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It is becoming more and more critical for enterprises to formulate a strategy around visibility and actionable cloud analytics.

Today, organizations can store data in a way that best meets their business needs, scaling up or down as required by demand. With a shift to cloud, there are no longer limitations to how much data can be stored and who can access this data. This is why it is becoming more and more critical for enterprises to formulate a strategy around visibility and analytics.

With the adoption of the public cloud and/or virtual overlay technologies, we are seeing solutions that introduce greater and greater separation of control from data. Although this does provide an opportunity to simplify execution of application workloads through automation, it can introduce a lack of visibility when attempting to root cause a problem in the expansive network underlay we call the Internet.

When enterprise IT applications are deployed in public cloud environments provided by companies such as Amazon (AWS), Google (GCP) or Microsoft (Azure), vendors do not typically provide the tools necessary to diagnose an Internet connectivity problem that may negatively impact the application. To quickly resolve for each scenario, IT needs new solutions that provide insight into the end-to-end topology that will identify the traffic patterns from access to each of the multicloud provider network integration points.

Cloud capabilities

Enterprises on a cloud analytics adoption journey are looking for frictionless ways to not only develop, deploy and manage their applications and services that support them, but add the ability to monitor application and network health to react in an automated way. There are three top business drivers that most enterprises envision around adoption of cloud analytics:

  1. Enhancing business process
  2. Improving the customer experience
  3. Better overall collaboration between teams

Adopting these technologies and shifting the mindset do not come without obstacles as it relates to analytics. Security (compliance) and integration (migration) are key considerations that drive towards implementing a robust solution. You cannot protect what you cannot see. By correlating the data necessary to make those "proactive" changes to policy, the end result could mean mitigation of a problem prior to it actually happening, which can reduce cost and boost overall performance.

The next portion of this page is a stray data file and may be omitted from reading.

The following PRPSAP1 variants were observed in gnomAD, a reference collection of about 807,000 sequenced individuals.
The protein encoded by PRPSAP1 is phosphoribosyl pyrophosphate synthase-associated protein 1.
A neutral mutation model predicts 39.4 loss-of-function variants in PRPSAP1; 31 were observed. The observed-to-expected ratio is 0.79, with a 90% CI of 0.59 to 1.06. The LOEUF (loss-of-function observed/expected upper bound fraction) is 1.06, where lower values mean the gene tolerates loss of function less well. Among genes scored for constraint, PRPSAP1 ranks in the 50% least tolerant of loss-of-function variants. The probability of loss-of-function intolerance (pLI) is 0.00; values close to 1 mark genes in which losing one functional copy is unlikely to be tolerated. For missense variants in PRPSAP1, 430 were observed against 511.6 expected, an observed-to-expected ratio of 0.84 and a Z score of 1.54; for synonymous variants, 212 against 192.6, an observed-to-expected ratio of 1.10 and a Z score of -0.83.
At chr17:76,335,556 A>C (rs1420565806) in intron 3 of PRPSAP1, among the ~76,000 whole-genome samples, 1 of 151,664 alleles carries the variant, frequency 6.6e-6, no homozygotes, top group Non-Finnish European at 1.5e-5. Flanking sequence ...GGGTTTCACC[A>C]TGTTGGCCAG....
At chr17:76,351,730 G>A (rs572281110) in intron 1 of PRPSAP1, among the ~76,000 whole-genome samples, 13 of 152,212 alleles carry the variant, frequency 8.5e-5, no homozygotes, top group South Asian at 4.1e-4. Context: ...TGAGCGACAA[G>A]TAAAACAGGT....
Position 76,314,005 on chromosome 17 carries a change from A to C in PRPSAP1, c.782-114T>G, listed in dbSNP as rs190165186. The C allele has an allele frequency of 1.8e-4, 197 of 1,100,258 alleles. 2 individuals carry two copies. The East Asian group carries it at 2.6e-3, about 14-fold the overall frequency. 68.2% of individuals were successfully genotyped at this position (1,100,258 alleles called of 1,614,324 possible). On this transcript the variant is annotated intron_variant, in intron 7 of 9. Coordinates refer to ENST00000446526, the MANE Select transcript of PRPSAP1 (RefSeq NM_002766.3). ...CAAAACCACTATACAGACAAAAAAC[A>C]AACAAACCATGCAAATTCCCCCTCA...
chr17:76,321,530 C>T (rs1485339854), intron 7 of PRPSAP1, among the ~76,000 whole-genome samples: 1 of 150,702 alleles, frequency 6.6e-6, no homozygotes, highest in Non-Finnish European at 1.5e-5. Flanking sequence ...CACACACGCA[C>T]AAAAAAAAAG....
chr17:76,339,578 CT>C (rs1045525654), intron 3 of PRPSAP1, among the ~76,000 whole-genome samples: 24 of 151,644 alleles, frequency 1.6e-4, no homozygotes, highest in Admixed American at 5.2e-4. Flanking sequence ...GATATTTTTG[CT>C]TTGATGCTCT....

This article addresses the key attributes of an actionable analytics solution that are required to be successful.

Beyond the cloud

Beyond just delivering applications and filtering content to multicloud, IT organizations must consider those solutions that provide a holistic view of the applications' health. Application-aware solutions manage traffic, which not only provide visibility into segmented network latency and throughput, but also manage the applications per user-transacted analytics and logging analysis. This can give the administrator the means to isolate a potential issue, either in the network or the application (some folks refer to this is as Mean Time to Identify, or MTTI*).

For example, actionable analytics grant the ability to proactively measure risk through an application score card that will give the administrator the probability of an issue, providing user usage profile and protocol data necessary to prioritize a fix prior to occurrence.

This results in an outcome that provides the efficiency necessary to optimize the network or application servers and could change the mindset of the operation team to think more about how the network can impact the application.

Adapting for scalability

Another differentiator is the ability to send alerts when classified application usage changes. As your company grows and application capability elasticity scales, the solution should scale with demand. Identifying those changes allows the operations team to trend over a period of time, hopefully implementing scale-out and scale-in monitors that will drive resource utilization based on application demand.

Above, we touched on the policy which is the basis for "intent-based-networking" currently being discussed as high-level in the industry. Extending the solution even further is the key to closing the loop to a true actionable analytics solution. This can be done by leveraging machine learning, cognitive computing and deep analytics capabilities to provide greater levels of programability, automation and security integration, while reducing time spent on manual network configuration and management.

Constantly adapting based on a system where end-users dictate how the application and network should perform and correlate to analytics provided by data learned from usage will result in application service adaptation to effectively provide an optimal service level.

Let me know your thoughts on implementing cloud analytics in the comment section below and take a look at the first article in this series, Building Network Automation into Your Organization.

*MTTI – Mean Time to Identify – The time it takes an organization to isolate a potential issue in the network or application that could negatively affect overall performance. For example, MTTI could be greatly reduced by isolating response times from each application servers as compared to network round trip latency.